And, he once wrote: “We market ourselves on the personality and spirit of ourselves. That sounds like an easy claim but, in fact, it is a supremely dangerous position to stake out because if you’re wrong, customers will let you know — with a vengeance. Customers are like a force of nature: You can’t fool them, and you ignore them at your peril.”
    KC's View:

    Published on: January 4, 2019

    There was some speculation this week that Amazon should invest in a gas station chain, prompting one MNB reader to write:

    I see this as a back to the future moment. Rather than having someone bring the contents of your Amazon locker out to your car, they have someone come out, fill up your car, check the oil & top off the wiper fluid while you are inside. Where have I seen that before? I think it might have been the 60’s.

    MNB reader Tim McGuire wrote:

    I’m not sure why Amazon - or anyone else - would want to invest in gas stations when that sector has already started its inevitable slide to irrelevance as the automotive fleet switches from gasoline and diesel to electric? I recognize that it is still early days for electric vehicles in North America (and I am an early adopter coming up on 4 years and 60,000 miles in my Tesla) but the trend is clear - the number of gas vehicles, and the number of stops for gas, will decline steadily over the next decade and beyond. Once the U.S. has an administration that actually reads the climate science reports before declaring “I don’t believe it” and working to roll back fuel mileage standards, things will move even faster. Many other countries have already declared the date (ranging from 2025 to 2040) when no gas vehicle sales will be allowed. So unless a company has an investment time horizon of ten years or less - and Amazon hardly fits that bill - it better have a model for use of gas stations that doesn’t rely on either the revenue from gas sales or the visit frequency from drivers filling up. Add to that the ongoing decline in tobacco usage - the most important profit centre for the convenience store/gas station channel - and the cost of remediating the land when a gas station closes down, and I’d rather invest in a combined rotary-dial phone and buggy whip factory.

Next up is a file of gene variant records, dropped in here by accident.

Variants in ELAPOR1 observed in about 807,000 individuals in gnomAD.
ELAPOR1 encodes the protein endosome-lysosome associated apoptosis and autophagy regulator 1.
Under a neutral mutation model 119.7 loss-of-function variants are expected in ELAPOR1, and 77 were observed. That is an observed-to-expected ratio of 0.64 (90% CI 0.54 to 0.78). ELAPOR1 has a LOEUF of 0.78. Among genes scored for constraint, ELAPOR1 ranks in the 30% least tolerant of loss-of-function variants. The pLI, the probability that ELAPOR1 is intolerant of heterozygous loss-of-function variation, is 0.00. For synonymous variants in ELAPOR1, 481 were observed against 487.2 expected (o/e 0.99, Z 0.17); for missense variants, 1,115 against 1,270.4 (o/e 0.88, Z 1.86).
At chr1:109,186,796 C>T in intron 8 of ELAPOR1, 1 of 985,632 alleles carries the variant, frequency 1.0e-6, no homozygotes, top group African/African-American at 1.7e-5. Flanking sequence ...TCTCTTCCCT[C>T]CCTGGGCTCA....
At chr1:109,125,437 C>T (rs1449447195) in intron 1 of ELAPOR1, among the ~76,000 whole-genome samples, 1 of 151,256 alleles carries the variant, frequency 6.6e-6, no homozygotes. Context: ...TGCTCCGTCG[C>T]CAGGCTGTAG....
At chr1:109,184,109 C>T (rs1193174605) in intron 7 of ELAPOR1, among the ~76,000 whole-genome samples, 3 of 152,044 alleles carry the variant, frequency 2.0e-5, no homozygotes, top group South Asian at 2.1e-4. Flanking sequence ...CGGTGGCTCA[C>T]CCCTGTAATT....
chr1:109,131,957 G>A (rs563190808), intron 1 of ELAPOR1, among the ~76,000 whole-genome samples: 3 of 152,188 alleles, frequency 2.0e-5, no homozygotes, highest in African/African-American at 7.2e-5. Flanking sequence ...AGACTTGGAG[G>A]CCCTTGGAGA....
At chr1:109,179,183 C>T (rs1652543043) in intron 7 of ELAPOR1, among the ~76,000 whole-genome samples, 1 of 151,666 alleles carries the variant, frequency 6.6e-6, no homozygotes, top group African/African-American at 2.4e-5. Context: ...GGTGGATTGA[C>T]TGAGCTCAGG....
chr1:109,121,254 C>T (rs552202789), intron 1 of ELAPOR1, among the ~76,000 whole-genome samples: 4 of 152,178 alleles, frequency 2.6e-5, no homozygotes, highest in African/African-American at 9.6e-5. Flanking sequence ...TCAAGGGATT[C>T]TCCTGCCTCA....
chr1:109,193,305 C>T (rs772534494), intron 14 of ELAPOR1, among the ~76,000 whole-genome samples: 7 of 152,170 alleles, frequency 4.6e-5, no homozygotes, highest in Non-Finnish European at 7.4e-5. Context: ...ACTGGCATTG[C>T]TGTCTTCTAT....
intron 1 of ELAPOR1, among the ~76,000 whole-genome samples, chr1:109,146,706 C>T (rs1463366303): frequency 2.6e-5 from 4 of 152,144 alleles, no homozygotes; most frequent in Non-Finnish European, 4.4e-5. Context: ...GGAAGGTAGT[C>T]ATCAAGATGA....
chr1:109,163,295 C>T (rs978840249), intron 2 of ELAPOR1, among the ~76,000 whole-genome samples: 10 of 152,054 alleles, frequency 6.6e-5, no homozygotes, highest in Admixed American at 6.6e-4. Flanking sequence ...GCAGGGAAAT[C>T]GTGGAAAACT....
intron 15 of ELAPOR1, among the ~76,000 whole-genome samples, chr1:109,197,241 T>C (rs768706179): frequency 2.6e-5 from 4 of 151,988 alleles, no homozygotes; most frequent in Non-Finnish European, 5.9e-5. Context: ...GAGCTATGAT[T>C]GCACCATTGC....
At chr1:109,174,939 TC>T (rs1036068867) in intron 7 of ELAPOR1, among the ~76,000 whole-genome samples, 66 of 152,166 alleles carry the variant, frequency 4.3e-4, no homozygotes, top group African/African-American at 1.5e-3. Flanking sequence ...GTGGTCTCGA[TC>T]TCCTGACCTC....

Regarding another Amazon story, one MNB reader wrote: